Racist Business: Brown Brothers Harriman

About the Racist Business Index

The Racist Business Index List 

Information. Brown Brothers Harriman & Co. (BBH) is the oldest and largest private bank in the United States. In 1931, the merger of Brown Brothers & Co. (founded in 1818) and Harriman Brothers & Co. formed the current BBH.

Brown Brothers Harriman is also notable for the number of influential American politicians, government appointees, and Cabinet members who have worked at the company, such as W. Averell Harriman, Prescott Bush, George H. W. Bush, Robert A. Lovett, Richard W. Fisher, Robert Roosa, and Alan Greenspan. It is owned and controlled by racist suspects

Offending Merchant: Brown Brothers Harriman & Co allegedly upheld, supported or perpetrated the system of racism by particpating and profiting from the slave trade.

According to USA Today, records and letters at the New York Historical Society show James and William Brown built their merchant bank — today's Brown Bros. Harriman — by lending to Southern planters, brokering slave-grown cotton and acting as a clearinghouse for the South's complex financial system. The firm earned commissions arranging cotton shipments from Southern ports to mills in New England and Britain. It also loaned millions directly to planters, merchants and cotton brokers throughout the South.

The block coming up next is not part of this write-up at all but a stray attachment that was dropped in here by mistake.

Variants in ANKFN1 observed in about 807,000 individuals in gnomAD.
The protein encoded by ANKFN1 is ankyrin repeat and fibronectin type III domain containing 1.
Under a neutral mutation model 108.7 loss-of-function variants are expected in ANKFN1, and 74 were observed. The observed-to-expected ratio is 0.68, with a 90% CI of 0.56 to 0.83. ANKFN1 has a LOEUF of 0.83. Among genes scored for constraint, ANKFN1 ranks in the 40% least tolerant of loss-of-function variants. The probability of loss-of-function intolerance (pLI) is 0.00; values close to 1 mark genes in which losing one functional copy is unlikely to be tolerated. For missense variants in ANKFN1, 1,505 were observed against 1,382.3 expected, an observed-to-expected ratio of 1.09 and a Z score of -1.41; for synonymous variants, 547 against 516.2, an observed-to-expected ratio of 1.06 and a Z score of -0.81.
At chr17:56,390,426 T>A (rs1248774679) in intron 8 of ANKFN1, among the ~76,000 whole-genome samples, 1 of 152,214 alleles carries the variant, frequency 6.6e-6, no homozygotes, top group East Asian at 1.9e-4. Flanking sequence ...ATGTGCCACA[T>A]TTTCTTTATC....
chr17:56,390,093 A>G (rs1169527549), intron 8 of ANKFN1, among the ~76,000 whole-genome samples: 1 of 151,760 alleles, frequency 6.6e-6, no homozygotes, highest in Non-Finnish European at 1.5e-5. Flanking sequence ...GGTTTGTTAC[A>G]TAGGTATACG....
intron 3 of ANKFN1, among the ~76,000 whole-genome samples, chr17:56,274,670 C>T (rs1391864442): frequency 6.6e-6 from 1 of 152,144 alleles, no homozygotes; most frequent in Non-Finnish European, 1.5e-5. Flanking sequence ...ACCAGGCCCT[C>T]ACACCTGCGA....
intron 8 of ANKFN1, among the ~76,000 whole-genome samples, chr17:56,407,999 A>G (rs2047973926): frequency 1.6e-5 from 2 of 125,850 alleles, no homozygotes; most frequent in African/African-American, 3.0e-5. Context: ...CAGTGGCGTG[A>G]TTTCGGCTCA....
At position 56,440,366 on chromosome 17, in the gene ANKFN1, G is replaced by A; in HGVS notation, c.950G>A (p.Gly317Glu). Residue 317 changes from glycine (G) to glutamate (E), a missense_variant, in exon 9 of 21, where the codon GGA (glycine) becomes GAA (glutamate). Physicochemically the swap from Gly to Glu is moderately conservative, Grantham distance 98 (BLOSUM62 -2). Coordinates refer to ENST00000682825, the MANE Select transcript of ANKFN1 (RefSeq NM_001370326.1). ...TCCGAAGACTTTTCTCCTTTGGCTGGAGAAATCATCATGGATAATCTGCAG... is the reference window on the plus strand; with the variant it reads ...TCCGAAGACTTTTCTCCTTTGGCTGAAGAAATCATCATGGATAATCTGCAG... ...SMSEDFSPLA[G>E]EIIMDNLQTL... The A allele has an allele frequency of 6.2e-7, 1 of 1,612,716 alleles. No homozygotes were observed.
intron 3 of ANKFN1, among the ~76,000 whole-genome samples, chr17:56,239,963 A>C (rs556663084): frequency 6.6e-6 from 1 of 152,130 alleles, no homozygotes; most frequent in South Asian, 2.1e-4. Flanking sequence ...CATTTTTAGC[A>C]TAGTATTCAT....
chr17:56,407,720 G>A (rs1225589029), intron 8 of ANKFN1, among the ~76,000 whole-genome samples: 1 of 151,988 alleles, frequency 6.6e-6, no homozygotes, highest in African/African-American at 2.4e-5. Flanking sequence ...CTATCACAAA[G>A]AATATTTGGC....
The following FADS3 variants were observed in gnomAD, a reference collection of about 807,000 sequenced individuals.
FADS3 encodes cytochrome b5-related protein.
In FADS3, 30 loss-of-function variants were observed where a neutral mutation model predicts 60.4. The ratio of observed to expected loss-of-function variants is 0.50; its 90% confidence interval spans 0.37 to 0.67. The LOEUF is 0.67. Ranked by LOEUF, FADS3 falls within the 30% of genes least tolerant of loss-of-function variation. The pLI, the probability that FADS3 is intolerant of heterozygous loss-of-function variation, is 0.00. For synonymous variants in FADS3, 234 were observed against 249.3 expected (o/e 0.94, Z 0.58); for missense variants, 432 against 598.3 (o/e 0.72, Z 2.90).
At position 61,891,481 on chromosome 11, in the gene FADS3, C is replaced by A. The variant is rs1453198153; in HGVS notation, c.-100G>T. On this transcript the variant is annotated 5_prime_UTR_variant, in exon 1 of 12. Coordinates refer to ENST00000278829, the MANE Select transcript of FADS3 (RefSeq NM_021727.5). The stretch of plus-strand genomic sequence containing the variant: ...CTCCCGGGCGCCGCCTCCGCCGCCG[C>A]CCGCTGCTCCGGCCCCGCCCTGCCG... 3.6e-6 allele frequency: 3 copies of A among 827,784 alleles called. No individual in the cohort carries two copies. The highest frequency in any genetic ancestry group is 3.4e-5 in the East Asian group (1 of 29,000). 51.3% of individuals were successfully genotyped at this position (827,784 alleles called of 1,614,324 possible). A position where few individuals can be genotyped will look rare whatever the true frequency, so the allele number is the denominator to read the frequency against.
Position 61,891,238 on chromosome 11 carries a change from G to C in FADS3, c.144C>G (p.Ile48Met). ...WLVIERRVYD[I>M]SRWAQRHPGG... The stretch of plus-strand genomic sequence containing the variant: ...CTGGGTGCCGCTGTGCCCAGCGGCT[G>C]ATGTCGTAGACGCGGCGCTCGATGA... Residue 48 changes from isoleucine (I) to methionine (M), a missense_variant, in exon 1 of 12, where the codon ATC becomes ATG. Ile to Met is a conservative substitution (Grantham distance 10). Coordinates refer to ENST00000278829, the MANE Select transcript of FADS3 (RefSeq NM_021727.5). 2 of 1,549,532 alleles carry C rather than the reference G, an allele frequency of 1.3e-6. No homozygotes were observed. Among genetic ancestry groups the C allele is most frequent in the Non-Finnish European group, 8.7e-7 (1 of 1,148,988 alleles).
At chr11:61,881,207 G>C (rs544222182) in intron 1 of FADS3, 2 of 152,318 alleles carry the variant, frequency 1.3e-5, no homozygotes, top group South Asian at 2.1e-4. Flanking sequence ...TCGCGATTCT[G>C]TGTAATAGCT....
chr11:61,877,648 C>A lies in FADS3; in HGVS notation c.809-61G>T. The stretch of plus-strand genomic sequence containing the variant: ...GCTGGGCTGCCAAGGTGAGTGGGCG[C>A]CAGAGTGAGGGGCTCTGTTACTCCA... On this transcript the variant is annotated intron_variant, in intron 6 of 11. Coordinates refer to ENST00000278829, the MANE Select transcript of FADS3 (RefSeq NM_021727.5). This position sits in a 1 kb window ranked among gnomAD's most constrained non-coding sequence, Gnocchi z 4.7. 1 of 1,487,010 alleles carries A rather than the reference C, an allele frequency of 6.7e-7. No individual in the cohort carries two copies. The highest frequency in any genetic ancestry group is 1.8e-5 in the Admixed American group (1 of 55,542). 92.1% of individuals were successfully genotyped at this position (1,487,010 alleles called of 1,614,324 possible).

Company records show Brown Bros. loaned to plantation owners who told the firm that they needed the cash to buy slaves. When those planters or their banks failed, Brown Bros. took possession of the assets. It used its local agents to run repossessed plantations and manage the slaves working there.

The fullest picture of the Browns as slaveholders comes from 1840s and 1850s Louisiana court records affirming Brown's claim to three Concordia Parish cotton plantations totaling 4,614 acres, and the plantations' 346 slaves, each named in court records.

Brown Bros. & Co. merged with two other firms in 1931 to create Brown Bros. Harriman.

Donald Murphy, a partner, says the investment bank has no pre-Civil War records and sees no need to go through its records. "As an institution, I and my partners could look you in the eye and say we abhor that slavery ever existed in this or any other country. And yet I don't feel qualified to comment on practices and actions of a different society of 175 years ago," he says. [MORE]